Highlight 2, 8-25-2014 The Phases of Development in Spiritual Organizations2018/03/302018-03-30 17:10:34
Highlight #18 Leading With Spirit Administrative Training Summer 20162016/02/042016-02-04 12:59:32
Highlight 17, Enlivening Spaces2016/02/042016-02-04 12:57:02
A New Image of Waldorf School Organization – M Soule2016/01/172016-01-17 04:37:16
Where the Spirit Leads – the Evolution of Waldorf School Administration2016/01/172016-01-17 04:30:36
Management and Governance – Dianna Bell2015/07/102015-07-10 05:39:18
Good Governance Checklist from CWP2015/07/092015-07-09 23:33:36
Policy Governance Introduction by John and Miriam Carver2015/07/092015-07-09 18:02:11
Renewing Governance2015/07/092015-07-09 07:44:39
Understanding Governance by Michael Soule2015/07/092015-07-09 06:48:58
Governance Models, An Essay by Nathan Garber with Reflections by Michael Soule2015/07/092015-07-09 05:07:31
Self Administration and Governance in Waldorf Schools, Chris Schaefer2015/07/092015-07-09 04:09:42
Personal Reflections on Waldorf School Governance and Effective Practices, Lynn Kern2015/07/092015-07-09 03:33:55
Identity and Governance, An essay by Jon McAlice2015/07/092015-07-09 02:57:40
More Governance Resources2015/07/092015-07-09 01:12:34
Enlivening Spaces by Michael Soule2015/07/082015-07-08 23:42:08
Holocracy: A new model for collaborative organization2015/07/042015-07-04 19:31:19
School as Living Entity, ebook by Rea Gill2015/07/042015-07-04 06:35:32
Principles of a Learning Organization, Five Disciplines, Senge2015/07/042015-07-04 06:31:57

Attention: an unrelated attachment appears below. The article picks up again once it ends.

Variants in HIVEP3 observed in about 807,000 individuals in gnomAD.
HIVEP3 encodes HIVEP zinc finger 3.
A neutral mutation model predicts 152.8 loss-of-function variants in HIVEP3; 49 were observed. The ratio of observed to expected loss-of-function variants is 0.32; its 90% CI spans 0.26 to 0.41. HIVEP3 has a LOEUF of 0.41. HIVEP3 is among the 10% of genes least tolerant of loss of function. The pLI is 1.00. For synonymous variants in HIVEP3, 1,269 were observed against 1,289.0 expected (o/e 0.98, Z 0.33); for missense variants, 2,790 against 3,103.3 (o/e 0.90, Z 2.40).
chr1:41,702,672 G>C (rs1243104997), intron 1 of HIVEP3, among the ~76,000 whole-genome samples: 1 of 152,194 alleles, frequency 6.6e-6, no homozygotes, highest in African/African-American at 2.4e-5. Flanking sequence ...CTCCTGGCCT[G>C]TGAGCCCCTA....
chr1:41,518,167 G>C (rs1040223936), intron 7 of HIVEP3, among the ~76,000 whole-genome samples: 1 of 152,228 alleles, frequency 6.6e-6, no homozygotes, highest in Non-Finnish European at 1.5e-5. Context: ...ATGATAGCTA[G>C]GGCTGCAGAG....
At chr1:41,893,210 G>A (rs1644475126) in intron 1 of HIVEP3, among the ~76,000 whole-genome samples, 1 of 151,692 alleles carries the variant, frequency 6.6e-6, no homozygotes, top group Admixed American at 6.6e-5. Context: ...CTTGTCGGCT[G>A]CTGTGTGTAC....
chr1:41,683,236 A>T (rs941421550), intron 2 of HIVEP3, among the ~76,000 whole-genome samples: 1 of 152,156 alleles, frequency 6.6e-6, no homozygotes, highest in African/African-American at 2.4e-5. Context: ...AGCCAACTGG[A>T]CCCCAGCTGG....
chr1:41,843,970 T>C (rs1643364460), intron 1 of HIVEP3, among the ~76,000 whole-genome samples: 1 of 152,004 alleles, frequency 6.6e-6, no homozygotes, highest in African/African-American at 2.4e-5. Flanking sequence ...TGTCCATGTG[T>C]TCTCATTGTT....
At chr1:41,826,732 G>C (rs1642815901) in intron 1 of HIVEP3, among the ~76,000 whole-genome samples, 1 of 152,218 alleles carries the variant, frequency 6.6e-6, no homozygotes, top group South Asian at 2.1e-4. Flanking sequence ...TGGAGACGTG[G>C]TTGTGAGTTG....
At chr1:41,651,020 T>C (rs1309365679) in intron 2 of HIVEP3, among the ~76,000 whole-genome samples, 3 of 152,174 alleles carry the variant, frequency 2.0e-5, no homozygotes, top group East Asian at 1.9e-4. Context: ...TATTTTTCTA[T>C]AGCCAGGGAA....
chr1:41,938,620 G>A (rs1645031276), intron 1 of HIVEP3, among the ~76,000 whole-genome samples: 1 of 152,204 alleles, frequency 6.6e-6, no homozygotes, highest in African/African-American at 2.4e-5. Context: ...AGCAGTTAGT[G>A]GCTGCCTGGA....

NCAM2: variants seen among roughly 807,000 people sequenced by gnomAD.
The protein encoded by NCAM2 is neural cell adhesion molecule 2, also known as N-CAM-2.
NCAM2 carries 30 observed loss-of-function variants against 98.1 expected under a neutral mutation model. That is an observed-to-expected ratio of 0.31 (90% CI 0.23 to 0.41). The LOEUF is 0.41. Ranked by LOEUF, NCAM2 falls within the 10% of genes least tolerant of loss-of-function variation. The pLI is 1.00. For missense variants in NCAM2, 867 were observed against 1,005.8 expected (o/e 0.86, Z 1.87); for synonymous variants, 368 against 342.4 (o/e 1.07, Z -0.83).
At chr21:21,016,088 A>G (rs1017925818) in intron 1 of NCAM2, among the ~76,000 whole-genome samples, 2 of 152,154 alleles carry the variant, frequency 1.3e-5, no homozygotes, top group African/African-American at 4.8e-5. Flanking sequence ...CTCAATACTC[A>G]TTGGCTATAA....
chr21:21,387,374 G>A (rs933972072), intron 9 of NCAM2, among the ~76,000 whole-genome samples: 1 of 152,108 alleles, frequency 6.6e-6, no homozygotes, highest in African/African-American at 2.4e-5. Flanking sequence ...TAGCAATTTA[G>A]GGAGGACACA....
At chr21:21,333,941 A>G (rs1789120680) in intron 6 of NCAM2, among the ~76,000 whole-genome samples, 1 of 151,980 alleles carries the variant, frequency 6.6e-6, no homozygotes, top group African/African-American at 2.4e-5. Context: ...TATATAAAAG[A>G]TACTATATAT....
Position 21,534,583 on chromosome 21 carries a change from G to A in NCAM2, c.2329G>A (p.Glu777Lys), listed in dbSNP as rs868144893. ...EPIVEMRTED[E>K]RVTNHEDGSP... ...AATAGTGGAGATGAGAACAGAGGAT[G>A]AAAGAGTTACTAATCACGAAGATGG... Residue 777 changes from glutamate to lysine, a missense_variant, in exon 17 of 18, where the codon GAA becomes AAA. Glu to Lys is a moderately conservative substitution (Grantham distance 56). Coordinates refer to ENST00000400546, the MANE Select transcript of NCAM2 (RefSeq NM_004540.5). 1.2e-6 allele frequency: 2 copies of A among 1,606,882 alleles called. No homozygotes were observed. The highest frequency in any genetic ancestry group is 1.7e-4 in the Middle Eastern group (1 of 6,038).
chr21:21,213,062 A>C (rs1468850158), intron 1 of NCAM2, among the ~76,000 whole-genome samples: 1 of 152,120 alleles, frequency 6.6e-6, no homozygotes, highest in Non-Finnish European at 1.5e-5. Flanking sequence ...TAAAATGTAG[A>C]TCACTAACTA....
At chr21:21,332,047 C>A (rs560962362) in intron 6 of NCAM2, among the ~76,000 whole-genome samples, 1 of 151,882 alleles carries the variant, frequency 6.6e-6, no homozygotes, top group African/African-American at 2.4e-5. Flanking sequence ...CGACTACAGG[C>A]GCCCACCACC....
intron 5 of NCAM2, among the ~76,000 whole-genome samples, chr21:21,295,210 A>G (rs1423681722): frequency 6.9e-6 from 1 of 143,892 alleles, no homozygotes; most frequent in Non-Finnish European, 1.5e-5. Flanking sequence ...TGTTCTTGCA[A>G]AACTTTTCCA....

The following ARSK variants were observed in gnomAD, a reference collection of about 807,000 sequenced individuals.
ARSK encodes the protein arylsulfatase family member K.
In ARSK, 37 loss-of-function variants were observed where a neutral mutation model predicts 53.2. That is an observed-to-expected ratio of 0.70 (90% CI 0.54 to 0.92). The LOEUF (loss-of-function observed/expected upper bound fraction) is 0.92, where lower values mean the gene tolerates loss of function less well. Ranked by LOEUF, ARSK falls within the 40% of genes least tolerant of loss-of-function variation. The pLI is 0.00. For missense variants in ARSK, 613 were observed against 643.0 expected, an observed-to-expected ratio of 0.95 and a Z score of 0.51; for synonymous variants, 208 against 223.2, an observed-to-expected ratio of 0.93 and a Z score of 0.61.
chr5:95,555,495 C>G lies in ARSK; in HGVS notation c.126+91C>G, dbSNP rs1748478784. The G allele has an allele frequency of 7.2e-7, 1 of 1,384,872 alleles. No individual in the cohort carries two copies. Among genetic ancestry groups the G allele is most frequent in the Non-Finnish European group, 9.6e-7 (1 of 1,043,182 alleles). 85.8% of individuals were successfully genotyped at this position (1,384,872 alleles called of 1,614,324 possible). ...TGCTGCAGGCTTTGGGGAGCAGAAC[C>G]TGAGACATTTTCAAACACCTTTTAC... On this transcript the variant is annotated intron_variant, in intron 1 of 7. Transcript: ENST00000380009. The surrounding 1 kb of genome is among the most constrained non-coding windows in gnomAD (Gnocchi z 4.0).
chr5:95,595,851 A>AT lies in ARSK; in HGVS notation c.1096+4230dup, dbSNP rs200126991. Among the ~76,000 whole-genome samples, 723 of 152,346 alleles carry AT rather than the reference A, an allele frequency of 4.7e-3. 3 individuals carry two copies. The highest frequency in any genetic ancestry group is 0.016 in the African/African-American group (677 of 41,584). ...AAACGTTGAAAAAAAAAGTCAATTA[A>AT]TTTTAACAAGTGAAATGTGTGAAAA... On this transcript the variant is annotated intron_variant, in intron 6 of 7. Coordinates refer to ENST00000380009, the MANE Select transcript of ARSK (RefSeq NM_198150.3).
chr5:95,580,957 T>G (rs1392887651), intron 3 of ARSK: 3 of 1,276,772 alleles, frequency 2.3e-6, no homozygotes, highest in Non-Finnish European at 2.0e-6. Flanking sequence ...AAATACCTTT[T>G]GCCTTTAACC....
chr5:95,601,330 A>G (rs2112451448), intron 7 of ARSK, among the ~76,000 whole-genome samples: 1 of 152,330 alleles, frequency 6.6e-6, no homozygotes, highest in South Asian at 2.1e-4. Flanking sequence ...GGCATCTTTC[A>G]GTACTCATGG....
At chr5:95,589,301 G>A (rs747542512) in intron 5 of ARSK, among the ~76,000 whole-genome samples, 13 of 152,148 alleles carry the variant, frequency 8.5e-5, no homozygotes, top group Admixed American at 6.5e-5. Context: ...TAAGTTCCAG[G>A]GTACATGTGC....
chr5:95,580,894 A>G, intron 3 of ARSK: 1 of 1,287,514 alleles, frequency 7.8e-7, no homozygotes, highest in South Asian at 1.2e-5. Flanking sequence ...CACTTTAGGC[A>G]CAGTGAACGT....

Basic Principles of a Living Organization, by Rea Gill2015/07/042015-07-04 06:21:15
Leading with Spirit Summer Leadership Workshops 20172015/06/022015-06-02 03:49:55
Chaos in Life: Cleaning and Caring by Linda Thomas2015/05/202015-05-20 05:19:45
Redefining Accountability and Transparency: LeadTogether Highlight #15 3-15-152015/04/192015-04-19 20:05:20
Exploring Accountability: An Introduction2015/03/262015-03-26 03:28:14
Accountability, the Individual and Integrity2015/03/242015-03-24 22:08:42
Six Principles for Building Accountability and Agreements in an Organization, Michael Soule2015/03/242015-03-24 22:08:00
Managing Horizontal Accountability, Ray and Elder, IPC2015/03/242015-03-24 22:07:14
Organizational Accountability: One World Trust and GAP2015/03/242015-03-24 21:57:43
Faithfulness by Rudolf Steiner2015/03/182015-03-18 01:21:22
Performance Management2015/03/152015-03-15 03:53:45
The Art of Handling Complaints: LeadTogether Highlight #14 1-20-152015/01/202015-01-20 05:37:27
The Art of Being A Mentor by M Soule2015/01/202015-01-20 05:11:03
Mentoring: From Observation to Conversation by Holly Koteen Soule from NW Mentorship Seminar2015/01/202015-01-20 05:10:47